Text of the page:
I was also secretly looking forward to the discipline of using nothing but the X100T's fixed 23mm lens. I have a (bad?) habit of changing lenses fairly often when I'm out with my camera, depending on the effect that I'm after. After being made aware of this by another photographer I began to wonder if all that lens-changing might be a distraction from concentrating on the subject, rather than on the equipment. But would I be up to the task of working with just one optic? (Yes, I could have accomplished the same thing by using my X-E1 with one lens but I was dying to get my hands on the beautiful X100T. There, I've said it.)
It was time to find out. I forked over the money at the store I patronize and told myself I had 15 days to return the camera if buyer's remorse set in. I packed both cameras, just in case, and set out with the family.
And I needn't have worried. During the week we spent on beautiful Prince Edward Island on Canada's Atlantic coast I never felt the need to reach for the X-E1 and lenses. Oh sure, there were times when I would have liked to go wide with my 14mm or long with the 55-200mm zoom, but I never felt that I was missing a crucial element for a shot. Instead, I re-learned to "zoom with my feet" and became very familiar with a particular angle of view. In many ways, the simplified approach turned out to be freeing, not limiting.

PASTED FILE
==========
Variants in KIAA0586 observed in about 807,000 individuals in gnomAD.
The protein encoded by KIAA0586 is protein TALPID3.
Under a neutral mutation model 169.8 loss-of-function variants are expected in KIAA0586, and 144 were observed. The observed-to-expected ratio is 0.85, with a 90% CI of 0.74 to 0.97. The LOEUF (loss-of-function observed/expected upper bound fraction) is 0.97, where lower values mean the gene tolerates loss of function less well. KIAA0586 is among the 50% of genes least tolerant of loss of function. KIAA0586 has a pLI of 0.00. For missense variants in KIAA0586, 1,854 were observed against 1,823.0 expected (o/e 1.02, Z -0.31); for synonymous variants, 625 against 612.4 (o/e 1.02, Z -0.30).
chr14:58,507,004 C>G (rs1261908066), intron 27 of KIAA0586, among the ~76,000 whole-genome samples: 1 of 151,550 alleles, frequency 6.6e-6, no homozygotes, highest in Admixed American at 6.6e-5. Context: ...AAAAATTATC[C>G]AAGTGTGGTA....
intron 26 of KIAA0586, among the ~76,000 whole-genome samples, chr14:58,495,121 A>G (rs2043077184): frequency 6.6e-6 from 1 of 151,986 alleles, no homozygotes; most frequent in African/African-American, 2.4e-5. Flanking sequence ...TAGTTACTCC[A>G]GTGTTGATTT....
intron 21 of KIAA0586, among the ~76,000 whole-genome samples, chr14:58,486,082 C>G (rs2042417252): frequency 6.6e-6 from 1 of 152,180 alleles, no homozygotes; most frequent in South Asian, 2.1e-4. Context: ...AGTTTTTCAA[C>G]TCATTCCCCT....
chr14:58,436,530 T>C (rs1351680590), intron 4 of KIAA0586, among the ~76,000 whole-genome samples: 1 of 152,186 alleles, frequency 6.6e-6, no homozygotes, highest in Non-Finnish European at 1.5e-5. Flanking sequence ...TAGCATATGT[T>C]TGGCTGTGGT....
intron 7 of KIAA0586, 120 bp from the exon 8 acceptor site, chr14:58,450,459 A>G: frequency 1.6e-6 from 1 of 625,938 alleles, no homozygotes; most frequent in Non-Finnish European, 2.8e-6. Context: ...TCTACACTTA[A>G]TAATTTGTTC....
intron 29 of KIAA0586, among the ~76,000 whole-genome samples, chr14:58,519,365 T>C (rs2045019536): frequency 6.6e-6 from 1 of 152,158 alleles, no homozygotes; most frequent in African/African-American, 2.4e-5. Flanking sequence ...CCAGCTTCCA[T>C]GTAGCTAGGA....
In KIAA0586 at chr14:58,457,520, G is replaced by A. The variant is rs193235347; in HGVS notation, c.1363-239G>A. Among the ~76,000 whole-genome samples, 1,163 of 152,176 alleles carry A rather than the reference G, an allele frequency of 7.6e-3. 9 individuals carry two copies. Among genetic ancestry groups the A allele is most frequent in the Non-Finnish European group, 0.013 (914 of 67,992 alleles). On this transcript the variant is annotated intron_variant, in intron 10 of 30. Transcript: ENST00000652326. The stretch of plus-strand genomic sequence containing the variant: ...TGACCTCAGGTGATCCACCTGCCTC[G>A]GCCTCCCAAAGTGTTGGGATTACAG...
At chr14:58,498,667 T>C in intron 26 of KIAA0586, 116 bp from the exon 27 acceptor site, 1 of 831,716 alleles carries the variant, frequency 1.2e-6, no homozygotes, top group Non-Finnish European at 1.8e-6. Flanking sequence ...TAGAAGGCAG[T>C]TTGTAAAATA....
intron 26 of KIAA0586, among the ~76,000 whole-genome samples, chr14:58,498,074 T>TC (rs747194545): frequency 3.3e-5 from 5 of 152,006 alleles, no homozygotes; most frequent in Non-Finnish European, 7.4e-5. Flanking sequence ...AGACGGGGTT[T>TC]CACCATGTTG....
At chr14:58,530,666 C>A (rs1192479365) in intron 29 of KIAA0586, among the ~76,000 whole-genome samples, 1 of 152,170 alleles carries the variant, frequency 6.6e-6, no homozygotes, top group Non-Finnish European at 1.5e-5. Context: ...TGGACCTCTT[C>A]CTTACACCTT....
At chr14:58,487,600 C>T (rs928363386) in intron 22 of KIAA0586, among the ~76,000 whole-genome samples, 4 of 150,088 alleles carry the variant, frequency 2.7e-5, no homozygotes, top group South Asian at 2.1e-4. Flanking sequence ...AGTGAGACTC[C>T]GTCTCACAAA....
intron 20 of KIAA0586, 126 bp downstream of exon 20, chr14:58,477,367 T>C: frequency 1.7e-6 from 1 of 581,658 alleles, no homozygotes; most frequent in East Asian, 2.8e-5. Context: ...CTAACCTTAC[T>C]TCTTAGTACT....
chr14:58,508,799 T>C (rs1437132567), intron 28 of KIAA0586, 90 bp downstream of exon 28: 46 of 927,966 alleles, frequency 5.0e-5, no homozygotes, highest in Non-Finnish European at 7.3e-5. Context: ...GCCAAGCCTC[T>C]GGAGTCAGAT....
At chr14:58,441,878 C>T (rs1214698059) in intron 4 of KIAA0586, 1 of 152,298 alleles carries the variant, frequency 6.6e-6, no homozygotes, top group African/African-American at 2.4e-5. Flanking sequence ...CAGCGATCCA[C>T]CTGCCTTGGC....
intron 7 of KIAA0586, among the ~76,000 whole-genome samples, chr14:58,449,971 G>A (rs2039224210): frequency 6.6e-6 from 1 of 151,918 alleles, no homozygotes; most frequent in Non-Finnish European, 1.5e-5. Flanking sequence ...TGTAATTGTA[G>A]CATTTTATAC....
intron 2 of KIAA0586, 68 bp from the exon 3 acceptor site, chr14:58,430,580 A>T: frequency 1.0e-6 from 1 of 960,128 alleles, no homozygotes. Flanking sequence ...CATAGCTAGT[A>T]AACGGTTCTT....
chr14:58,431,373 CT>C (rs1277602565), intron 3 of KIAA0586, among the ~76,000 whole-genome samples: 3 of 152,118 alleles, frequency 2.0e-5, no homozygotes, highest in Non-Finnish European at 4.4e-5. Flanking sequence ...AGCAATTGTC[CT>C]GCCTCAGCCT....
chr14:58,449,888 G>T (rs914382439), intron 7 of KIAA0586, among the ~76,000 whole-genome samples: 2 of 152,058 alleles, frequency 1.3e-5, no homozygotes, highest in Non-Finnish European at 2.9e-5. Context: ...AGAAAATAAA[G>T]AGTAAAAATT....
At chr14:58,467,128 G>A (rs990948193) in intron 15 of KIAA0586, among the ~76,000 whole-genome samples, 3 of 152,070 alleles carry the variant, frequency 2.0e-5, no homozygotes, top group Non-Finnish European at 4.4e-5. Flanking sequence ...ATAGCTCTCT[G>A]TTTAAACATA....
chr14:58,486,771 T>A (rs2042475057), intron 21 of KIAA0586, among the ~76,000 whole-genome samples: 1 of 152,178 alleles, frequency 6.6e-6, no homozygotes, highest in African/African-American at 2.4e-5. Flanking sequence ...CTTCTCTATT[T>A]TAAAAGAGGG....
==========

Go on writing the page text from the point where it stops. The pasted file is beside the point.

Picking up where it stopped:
And the buyer's remorse? No sign of it.
Dan Winters' Road to Seeing is unlike any other photography book I've read -- and not just because it's some 700 pages in length. Winters presents his thoughts as a photographic memoir and invites the reader to a chat about his formative experiences and learning on the way to becoming a highly successful businessman and artist. I was impressed not only by Winters' enthusiasm and drive, but also by his ability to relate his story in a human and unaffected way. He is unstinting in his praise and appreciation of others -- to the point where I wondered if he had never worked with any difficult people -- but it is refreshing to read an author who attempts candour without feeling the need to pull others down.